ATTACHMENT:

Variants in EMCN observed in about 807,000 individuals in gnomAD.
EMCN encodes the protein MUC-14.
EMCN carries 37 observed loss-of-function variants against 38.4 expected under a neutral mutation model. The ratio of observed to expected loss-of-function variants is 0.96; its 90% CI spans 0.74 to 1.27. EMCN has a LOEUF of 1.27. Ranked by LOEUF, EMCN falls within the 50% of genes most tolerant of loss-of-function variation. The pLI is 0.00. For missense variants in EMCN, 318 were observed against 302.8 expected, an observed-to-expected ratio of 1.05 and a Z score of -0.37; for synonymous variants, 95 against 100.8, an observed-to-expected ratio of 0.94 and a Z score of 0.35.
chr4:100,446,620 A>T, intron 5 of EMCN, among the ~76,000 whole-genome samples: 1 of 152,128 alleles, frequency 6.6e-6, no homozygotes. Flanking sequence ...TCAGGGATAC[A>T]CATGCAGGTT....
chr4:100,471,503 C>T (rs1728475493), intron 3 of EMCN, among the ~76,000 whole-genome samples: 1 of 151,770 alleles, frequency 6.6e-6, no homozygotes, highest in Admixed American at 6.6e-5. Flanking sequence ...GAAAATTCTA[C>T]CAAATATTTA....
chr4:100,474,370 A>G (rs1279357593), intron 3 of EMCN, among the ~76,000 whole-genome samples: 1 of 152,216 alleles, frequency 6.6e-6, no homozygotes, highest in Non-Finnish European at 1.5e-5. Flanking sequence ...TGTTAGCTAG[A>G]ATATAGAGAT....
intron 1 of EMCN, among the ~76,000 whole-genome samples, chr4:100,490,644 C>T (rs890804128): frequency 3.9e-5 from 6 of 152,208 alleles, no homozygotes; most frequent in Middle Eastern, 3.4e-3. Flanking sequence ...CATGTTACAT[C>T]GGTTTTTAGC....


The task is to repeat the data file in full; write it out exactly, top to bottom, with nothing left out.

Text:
Variants in EMCN observed in about 807,000 individuals in gnomAD.
EMCN encodes the protein MUC-14.
EMCN carries 37 observed loss-of-function variants against 38.4 expected under a neutral mutation model. The ratio of observed to expected loss-of-function variants is 0.96; its 90% CI spans 0.74 to 1.27. EMCN has a LOEUF of 1.27. Ranked by LOEUF, EMCN falls within the 50% of genes most tolerant of loss-of-function variation. The pLI is 0.00. For missense variants in EMCN, 318 were observed against 302.8 expected, an observed-to-expected ratio of 1.05 and a Z score of -0.37; for synonymous variants, 95 against 100.8, an observed-to-expected ratio of 0.94 and a Z score of 0.35.
chr4:100,446,620 A>T, intron 5 of EMCN, among the ~76,000 whole-genome samples: 1 of 152,128 alleles, frequency 6.6e-6, no homozygotes. Flanking sequence ...TCAGGGATAC[A>T]CATGCAGGTT....
chr4:100,471,503 C>T (rs1728475493), intron 3 of EMCN, among the ~76,000 whole-genome samples: 1 of 151,770 alleles, frequency 6.6e-6, no homozygotes, highest in Admixed American at 6.6e-5. Flanking sequence ...GAAAATTCTA[C>T]CAAATATTTA....
chr4:100,474,370 A>G (rs1279357593), intron 3 of EMCN, among the ~76,000 whole-genome samples: 1 of 152,216 alleles, frequency 6.6e-6, no homozygotes, highest in Non-Finnish European at 1.5e-5. Flanking sequence ...TGTTAGCTAG[A>G]ATATAGAGAT....
intron 1 of EMCN, among the ~76,000 whole-genome samples, chr4:100,490,644 C>T (rs890804128): frequency 3.9e-5 from 6 of 152,208 alleles, no homozygotes; most frequent in Middle Eastern, 3.4e-3. Flanking sequence ...CATGTTACAT[C>T]GGTTTTTAGC....